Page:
Locus of Authority deftly chronicles the emergence of shared governance as a means to further university goals, and its ossification into an end in itself and a barrier against which transformative changes crash.  As my colleague Deanna Marcum elaborates, university leaders interested in pursuing innovations in online learning and other areas have sought to evade sclerotic shared governance processes through various workarounds, such as new, agile subunits and incentive programs.  
 
Such approaches are often marginal, providing an opportunity Read More...

February 04, 2015
February 04, 2015

Shared Governance: Lessons from Public Flagship Universities

Often, when discussing shared governance, we talk as if everyone is part of the system—either administrator or faculty. It is also assumed that when change does happen, it occurs through formal channels. Last year, Ithaka S+R conducted a landscape review of technology-enhanced education in ten public flagship universities. The goal of our study was to understand the online learning strategies in these institutions and to learn more about perspectives on this topic among faculty and administrators. In our multiple-day visits to ten public Read More...

February 04, 2015
February 02, 2015

Locus of Authority: The Evolution of Faculty Roles in the Governance of Higher Education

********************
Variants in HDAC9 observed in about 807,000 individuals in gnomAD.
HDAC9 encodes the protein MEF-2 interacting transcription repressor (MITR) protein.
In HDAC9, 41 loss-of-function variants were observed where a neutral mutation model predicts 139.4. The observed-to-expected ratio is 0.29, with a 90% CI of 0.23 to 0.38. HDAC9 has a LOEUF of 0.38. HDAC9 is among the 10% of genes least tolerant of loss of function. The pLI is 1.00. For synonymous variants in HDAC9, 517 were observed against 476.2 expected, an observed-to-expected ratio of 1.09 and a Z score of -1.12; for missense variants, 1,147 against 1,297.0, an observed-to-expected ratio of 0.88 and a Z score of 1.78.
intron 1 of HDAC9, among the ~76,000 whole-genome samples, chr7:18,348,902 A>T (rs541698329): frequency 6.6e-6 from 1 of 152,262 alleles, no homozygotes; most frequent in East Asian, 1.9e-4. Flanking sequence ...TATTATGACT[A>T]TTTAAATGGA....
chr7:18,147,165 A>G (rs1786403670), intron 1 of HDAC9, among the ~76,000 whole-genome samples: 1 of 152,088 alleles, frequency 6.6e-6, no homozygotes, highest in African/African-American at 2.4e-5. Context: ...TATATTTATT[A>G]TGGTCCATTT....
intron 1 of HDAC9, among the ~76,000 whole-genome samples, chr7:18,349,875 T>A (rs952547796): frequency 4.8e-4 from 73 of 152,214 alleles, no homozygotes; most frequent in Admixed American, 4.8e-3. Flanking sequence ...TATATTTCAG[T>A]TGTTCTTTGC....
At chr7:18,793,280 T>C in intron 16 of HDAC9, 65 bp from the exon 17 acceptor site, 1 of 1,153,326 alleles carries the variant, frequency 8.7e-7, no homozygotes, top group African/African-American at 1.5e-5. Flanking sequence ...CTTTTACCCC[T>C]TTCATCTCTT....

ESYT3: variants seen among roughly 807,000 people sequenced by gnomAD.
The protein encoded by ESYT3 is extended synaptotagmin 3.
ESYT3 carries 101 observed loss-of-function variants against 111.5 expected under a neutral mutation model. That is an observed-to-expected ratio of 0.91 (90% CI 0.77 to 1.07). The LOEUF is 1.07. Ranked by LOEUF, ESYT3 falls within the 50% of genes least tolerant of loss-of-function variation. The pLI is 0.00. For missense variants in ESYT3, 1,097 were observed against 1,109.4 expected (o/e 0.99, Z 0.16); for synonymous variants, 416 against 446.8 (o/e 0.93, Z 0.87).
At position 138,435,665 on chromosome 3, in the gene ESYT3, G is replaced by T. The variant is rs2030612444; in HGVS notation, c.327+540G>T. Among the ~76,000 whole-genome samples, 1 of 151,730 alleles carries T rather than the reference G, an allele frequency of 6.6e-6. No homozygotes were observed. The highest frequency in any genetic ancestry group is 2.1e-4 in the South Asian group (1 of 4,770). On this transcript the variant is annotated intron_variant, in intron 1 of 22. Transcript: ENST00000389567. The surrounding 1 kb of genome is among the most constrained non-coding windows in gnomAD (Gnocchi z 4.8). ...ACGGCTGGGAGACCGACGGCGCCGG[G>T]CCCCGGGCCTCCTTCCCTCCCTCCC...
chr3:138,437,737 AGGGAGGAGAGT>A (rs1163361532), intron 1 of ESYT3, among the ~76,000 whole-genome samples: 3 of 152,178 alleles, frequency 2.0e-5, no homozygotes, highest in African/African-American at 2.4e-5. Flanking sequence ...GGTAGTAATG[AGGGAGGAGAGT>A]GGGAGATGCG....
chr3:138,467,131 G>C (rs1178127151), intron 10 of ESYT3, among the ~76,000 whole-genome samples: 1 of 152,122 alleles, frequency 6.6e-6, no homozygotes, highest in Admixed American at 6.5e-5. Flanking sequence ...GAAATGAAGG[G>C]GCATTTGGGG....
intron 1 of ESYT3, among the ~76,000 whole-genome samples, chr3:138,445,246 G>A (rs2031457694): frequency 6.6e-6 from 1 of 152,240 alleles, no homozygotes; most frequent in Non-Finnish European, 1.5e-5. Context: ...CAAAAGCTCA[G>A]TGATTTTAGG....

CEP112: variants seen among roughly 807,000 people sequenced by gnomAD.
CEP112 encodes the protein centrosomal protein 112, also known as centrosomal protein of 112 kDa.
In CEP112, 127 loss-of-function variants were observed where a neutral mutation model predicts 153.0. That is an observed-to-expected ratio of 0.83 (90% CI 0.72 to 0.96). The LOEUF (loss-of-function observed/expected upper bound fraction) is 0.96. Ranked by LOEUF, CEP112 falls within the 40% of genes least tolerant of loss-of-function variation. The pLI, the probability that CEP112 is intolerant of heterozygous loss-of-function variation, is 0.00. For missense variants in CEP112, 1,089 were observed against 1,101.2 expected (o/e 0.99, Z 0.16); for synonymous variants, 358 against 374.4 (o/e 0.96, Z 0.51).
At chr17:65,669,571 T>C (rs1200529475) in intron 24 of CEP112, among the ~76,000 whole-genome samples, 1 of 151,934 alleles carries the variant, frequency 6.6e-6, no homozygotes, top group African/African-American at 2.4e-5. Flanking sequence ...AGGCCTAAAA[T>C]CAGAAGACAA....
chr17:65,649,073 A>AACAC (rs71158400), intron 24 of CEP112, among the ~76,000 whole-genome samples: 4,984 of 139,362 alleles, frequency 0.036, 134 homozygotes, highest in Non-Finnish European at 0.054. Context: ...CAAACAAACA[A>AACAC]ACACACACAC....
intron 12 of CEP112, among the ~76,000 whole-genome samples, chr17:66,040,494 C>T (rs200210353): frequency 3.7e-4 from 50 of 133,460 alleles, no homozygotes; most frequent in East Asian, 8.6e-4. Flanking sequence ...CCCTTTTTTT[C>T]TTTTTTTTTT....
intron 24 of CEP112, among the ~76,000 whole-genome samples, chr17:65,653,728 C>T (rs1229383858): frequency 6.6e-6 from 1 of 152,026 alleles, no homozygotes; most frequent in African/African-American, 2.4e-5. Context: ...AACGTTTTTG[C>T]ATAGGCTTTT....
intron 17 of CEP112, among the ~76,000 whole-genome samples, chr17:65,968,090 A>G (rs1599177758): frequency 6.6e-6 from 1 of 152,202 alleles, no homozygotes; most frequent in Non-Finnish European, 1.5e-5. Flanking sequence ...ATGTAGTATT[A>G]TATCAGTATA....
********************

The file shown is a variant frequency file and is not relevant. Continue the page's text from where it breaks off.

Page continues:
On January 1, Ithaka S+R launched its new Educational Transformation program, which consolidates all of our higher education initiatives into a single, more impactful program. One of the first publications from the program, in conjunction with Princeton University Press, was Locus of Authority: the Evolution of Faculty Roles in the Governance of Higher Education, by William Bowen and Eugene Tobin. Addressing one of the most important issues in higher education, the authors discuss the evolution of the concept of shared governance and call for Read More...

February 02, 2015
January 29, 2015

Assessment at Pitt

What should an undergraduate chemistry major know by the time she graduates? How can one tell if she knows it? And how can chemistry instruction be improved to ensure that more students meet those expectations?